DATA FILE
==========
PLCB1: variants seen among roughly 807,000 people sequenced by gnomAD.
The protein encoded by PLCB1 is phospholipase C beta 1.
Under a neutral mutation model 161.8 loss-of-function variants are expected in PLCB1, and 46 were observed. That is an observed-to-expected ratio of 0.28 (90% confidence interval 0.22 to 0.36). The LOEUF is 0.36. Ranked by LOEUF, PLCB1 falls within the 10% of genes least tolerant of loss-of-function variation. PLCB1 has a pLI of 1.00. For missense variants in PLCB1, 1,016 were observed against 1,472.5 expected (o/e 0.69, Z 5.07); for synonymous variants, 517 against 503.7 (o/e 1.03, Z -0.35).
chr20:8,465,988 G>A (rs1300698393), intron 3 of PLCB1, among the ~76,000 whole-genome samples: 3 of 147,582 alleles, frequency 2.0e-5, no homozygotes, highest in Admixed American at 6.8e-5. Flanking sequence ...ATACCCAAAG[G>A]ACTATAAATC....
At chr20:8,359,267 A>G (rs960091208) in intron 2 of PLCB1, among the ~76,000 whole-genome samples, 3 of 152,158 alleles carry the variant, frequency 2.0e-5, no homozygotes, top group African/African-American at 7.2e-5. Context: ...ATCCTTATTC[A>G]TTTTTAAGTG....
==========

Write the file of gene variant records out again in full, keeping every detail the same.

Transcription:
PLCB1: variants seen among roughly 807,000 people sequenced by gnomAD.
The protein encoded by PLCB1 is phospholipase C beta 1.
Under a neutral mutation model 161.8 loss-of-function variants are expected in PLCB1, and 46 were observed. That is an observed-to-expected ratio of 0.28 (90% confidence interval 0.22 to 0.36). The LOEUF is 0.36. Ranked by LOEUF, PLCB1 falls within the 10% of genes least tolerant of loss-of-function variation. PLCB1 has a pLI of 1.00. For missense variants in PLCB1, 1,016 were observed against 1,472.5 expected (o/e 0.69, Z 5.07); for synonymous variants, 517 against 503.7 (o/e 1.03, Z -0.35).
chr20:8,465,988 G>A (rs1300698393), intron 3 of PLCB1, among the ~76,000 whole-genome samples: 3 of 147,582 alleles, frequency 2.0e-5, no homozygotes, highest in Admixed American at 6.8e-5. Flanking sequence ...ATACCCAAAG[G>A]ACTATAAATC....
At chr20:8,359,267 A>G (rs960091208) in intron 2 of PLCB1, among the ~76,000 whole-genome samples, 3 of 152,158 alleles carry the variant, frequency 2.0e-5, no homozygotes, top group African/African-American at 7.2e-5. Context: ...ATCCTTATTC[A>G]TTTTTAAGTG....